LONDON: Monty Panesar has claimed he had question marks over the England cricket team’s treatment of the ball in the field.
Former spinner Panesar played 50 Tests for England between 2006 and 2013, and was used for ball maintenance.
In an excerpt of his book The Full Monty, Panesar revealed what the team employed to help the ball reverse.
“We found that mints and sun cream had an effect on the saliva,” he wrote.
“I might also have ‘accidentally’ caught the ball on the zip of my trouser pocket to rough it up a little.”
Ball-tampering has been a dirty term in cricket for years, and reared its ugly head last March when Australian captain Steve Smith, deputy David Warner and rookie Cameron Bancroft each copped Cricket Australia-imposed bans for their involvement in a tampering plot in Cape Town.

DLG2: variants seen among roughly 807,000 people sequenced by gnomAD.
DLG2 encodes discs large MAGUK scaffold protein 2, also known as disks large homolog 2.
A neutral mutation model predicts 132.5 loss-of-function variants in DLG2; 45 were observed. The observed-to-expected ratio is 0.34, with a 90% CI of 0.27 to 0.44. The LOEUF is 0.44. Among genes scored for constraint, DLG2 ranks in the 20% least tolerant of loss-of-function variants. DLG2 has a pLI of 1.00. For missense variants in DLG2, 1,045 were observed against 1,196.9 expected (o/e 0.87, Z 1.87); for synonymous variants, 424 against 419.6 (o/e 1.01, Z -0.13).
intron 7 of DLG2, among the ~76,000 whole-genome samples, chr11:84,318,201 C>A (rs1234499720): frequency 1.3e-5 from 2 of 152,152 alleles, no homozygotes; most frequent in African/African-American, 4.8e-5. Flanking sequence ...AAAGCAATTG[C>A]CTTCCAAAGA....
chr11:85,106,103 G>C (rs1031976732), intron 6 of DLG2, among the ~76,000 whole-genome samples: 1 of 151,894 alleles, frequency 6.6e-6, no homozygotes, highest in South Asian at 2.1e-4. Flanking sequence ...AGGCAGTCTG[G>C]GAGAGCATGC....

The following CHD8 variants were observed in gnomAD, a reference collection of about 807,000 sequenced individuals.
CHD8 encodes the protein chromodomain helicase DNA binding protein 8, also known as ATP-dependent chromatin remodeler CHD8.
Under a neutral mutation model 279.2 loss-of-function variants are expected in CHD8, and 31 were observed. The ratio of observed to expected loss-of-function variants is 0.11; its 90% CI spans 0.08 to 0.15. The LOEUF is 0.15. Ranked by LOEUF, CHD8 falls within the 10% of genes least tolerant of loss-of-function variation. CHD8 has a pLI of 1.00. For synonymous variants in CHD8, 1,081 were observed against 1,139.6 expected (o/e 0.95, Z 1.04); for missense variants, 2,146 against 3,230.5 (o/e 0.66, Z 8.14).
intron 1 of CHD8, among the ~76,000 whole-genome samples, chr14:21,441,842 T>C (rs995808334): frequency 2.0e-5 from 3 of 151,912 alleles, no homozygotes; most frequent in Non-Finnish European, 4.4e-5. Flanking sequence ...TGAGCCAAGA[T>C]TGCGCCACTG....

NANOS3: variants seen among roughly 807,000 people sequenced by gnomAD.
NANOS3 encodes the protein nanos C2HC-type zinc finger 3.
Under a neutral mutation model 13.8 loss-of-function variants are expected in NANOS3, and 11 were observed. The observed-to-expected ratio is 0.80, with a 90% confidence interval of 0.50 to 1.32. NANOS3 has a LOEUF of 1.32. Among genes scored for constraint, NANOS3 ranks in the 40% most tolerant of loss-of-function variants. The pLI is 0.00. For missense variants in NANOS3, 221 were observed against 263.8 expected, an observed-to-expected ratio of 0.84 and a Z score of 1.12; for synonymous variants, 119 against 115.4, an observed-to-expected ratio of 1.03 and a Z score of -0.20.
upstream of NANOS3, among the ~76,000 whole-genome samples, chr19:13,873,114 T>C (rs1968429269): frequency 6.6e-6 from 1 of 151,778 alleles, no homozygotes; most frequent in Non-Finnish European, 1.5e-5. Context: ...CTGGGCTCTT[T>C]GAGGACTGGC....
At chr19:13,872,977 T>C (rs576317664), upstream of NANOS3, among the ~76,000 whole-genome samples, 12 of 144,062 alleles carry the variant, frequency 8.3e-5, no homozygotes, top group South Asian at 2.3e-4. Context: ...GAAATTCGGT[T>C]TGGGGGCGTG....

Later in 2018, then Sri Lanka skipper Dinesh Chandimal was banned by the ICC after he was suspected of using saliva and a sweet that he had in his mouth to tamper with the ball.
During a tour of Australia in 2016, Proteas skipper Faf du Plessis was found guilty of ball-tampering by the ICC after using mints to alter the condition of the ball.
Three years earlier, du Plessis was fined after he was caught rubbing the ball on the zipper of his trousers against Pakistan.
According to Law 42.3 of the MCC’s Laws of Cricket, a fielder is free to polish a ball “provided that no artificial substance is used”.